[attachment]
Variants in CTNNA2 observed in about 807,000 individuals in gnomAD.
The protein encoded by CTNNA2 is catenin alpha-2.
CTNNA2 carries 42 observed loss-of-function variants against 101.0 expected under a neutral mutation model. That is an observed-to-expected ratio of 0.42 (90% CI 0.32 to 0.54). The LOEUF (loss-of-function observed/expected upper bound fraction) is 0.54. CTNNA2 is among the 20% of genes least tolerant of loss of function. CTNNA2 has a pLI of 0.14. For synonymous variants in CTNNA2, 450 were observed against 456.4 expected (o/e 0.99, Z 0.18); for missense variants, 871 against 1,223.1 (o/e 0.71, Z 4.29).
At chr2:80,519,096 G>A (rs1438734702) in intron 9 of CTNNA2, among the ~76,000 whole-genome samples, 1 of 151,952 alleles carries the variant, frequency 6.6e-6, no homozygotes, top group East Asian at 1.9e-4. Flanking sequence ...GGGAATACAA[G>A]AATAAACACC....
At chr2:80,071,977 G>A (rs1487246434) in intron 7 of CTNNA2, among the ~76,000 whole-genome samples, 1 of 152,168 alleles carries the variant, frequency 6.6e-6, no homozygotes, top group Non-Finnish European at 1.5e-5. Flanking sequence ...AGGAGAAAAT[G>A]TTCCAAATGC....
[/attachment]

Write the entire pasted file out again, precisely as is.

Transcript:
Variants in CTNNA2 observed in about 807,000 individuals in gnomAD.
The protein encoded by CTNNA2 is catenin alpha-2.
CTNNA2 carries 42 observed loss-of-function variants against 101.0 expected under a neutral mutation model. That is an observed-to-expected ratio of 0.42 (90% CI 0.32 to 0.54). The LOEUF (loss-of-function observed/expected upper bound fraction) is 0.54. CTNNA2 is among the 20% of genes least tolerant of loss of function. CTNNA2 has a pLI of 0.14. For synonymous variants in CTNNA2, 450 were observed against 456.4 expected (o/e 0.99, Z 0.18); for missense variants, 871 against 1,223.1 (o/e 0.71, Z 4.29).
At chr2:80,519,096 G>A (rs1438734702) in intron 9 of CTNNA2, among the ~76,000 whole-genome samples, 1 of 151,952 alleles carries the variant, frequency 6.6e-6, no homozygotes, top group East Asian at 1.9e-4. Flanking sequence ...GGGAATACAA[G>A]AATAAACACC....
At chr2:80,071,977 G>A (rs1487246434) in intron 7 of CTNNA2, among the ~76,000 whole-genome samples, 1 of 152,168 alleles carries the variant, frequency 6.6e-6, no homozygotes, top group Non-Finnish European at 1.5e-5. Flanking sequence ...AGGAGAAAAT[G>A]TTCCAAATGC....